Re: Style question

Kirkham, Pete (UK) wrote:

>I'd agree that view source is useful for html and document-based XML (both of which do not have to deal with globally unique nodes), but it's not relevent to RDF/XML, as the encoding is already broken as far as human readability is concerned. If you want human editable node docs, use XHTML and a style sheet to generate the RDF (or whatever format your chat-bot is working on); don't expect anyone who isn't an expert to be looking at your RDF sources. So it does just come down to your preference- reuse an existing mapping scheme or use your own name mangling to XML-ify the human readable names. If you make it obscure using a hash, then you won't get problems with users complaining they can't put in non-xml tagname characters.
>I think your user would rather do view source and get something like:
><... namespaces and schema reference
> <Person name="Becca" eyeColor="brown,green"
>   uuid="ed68d480-85b7-11d9-9669-0800200c9a66">
>   <owns xmi:type="Car" licensePlate="BEX" color="brown">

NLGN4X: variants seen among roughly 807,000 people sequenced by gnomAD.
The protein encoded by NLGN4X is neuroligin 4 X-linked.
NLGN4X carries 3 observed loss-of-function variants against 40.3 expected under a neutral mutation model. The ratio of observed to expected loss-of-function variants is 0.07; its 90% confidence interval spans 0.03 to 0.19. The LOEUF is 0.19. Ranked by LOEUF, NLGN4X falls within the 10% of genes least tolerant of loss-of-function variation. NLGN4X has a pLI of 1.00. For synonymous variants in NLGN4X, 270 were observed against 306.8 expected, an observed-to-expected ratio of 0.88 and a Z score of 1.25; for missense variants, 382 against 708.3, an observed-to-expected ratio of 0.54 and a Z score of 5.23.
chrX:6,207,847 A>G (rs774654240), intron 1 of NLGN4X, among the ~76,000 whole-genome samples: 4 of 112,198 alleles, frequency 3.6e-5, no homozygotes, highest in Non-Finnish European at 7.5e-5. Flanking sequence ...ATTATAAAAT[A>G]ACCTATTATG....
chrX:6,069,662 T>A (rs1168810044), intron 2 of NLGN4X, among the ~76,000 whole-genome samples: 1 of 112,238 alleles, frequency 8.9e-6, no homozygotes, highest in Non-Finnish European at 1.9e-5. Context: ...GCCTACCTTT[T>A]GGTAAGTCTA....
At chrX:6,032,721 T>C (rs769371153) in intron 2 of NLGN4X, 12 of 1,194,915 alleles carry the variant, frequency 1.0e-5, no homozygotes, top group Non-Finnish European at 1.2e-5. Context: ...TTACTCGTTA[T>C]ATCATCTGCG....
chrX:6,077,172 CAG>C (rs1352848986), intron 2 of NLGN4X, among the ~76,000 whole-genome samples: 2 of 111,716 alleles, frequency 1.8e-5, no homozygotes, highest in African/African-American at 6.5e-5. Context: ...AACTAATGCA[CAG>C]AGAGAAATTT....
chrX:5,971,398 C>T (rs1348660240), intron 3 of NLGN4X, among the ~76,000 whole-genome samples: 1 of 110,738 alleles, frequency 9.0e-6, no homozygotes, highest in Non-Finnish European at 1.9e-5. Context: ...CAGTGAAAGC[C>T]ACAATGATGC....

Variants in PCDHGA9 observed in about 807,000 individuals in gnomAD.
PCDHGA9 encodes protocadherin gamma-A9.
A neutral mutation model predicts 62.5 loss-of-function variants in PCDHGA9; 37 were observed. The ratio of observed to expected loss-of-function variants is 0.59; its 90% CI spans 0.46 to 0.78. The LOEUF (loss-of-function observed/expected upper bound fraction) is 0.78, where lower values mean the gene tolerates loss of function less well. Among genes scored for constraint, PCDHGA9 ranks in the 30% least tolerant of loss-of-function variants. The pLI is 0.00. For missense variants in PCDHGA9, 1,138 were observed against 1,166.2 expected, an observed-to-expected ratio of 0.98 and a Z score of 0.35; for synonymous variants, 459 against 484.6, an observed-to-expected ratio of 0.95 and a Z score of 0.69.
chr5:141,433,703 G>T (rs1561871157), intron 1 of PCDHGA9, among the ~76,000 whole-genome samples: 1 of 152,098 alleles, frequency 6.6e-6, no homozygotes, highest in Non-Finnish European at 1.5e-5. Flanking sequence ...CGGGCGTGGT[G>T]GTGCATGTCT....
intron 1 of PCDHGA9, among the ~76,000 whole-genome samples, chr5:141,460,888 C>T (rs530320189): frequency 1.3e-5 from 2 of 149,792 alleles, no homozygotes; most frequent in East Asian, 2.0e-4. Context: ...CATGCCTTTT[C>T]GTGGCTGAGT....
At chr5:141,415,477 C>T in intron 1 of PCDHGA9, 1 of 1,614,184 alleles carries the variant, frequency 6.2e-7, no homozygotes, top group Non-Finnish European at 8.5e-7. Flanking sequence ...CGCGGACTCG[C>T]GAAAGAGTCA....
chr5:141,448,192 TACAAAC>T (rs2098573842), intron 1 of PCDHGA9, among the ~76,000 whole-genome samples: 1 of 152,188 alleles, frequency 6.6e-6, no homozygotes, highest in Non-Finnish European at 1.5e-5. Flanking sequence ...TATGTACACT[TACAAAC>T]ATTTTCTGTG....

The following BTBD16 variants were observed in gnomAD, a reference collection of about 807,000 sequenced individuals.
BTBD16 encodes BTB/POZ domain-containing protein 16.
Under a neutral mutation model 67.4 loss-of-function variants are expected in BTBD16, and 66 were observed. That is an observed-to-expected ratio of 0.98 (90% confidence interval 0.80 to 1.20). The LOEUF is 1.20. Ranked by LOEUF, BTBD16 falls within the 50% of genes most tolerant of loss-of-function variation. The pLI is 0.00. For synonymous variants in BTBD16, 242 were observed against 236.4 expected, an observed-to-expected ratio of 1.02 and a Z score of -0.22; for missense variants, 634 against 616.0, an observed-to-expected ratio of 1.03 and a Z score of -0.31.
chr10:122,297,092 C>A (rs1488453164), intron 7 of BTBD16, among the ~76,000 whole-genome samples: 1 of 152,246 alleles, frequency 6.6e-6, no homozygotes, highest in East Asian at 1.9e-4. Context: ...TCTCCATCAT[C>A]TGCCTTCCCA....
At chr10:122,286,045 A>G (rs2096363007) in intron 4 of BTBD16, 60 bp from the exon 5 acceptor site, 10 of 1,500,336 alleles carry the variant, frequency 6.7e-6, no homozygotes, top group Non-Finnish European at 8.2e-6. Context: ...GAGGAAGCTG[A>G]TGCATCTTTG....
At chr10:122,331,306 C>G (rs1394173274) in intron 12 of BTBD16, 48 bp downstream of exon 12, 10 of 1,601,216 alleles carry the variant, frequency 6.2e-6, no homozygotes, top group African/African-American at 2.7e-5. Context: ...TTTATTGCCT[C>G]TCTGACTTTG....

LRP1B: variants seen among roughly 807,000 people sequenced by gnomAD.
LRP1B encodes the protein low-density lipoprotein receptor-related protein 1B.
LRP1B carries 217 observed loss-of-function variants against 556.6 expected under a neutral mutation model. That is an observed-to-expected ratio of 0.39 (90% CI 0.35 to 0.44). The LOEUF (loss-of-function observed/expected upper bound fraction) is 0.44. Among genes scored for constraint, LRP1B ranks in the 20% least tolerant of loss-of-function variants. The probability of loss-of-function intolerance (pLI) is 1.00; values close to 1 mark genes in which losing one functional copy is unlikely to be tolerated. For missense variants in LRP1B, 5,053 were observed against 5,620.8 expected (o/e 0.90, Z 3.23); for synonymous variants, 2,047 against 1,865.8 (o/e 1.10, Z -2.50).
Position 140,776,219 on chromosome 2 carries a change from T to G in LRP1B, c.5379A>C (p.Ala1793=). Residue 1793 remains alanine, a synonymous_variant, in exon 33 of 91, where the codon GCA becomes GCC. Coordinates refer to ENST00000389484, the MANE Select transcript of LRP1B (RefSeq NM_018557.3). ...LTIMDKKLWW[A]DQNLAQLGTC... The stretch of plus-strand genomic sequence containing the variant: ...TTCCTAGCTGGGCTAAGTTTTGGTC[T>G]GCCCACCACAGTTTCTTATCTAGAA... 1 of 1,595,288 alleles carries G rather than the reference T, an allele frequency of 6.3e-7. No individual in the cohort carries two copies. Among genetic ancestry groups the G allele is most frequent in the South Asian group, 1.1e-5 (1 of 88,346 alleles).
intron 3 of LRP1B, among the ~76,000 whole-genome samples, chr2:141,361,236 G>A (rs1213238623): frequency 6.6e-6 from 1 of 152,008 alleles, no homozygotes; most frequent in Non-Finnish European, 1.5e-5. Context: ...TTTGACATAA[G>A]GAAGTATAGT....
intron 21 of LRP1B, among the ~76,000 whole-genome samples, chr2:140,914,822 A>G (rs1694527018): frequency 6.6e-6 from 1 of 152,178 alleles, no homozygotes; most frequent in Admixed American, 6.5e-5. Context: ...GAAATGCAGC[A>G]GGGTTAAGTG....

>     <aquiredThrough xmi:type="Purchase">
>	  <supplier href=""
>          uuid="ed68fb9b-85b7-11d9-9669-0800200c9a66"/>
>	  <cost xmi:type="Payment" amount="2000" currency="USD"/>
>     </aquiredThrough>
>   </owns>
> </Person>
>Than RDF/XML; if the people working on mapping XMI2->RDF get it done, then you wont even have to write the transform between the two yourself. (of course, there could be an RDF2 just like there was an XMI2 that removed the noise and half the bandwidth, but there doesn't seem anything like the take-up of RDF that there is of UML in production software to drive it).

this sounds to me very subjective (i know people that could read 
binary-on-the-wire directly and modify it in emacs ...)

is there a place where you can see multiple side-by-side examples how 
the same information (like this Person data above) is expressed in 
custom XML, RDF, OWL, N3, whanot

is there a research (papers?) that used some kind of assessment of 
readability of XML/HTML/RDF/... based on large enough sample of 



The best way to predict the future is to invent it - Alan Kay

Received on Tuesday, 8 March 2005 21:57:56 UTC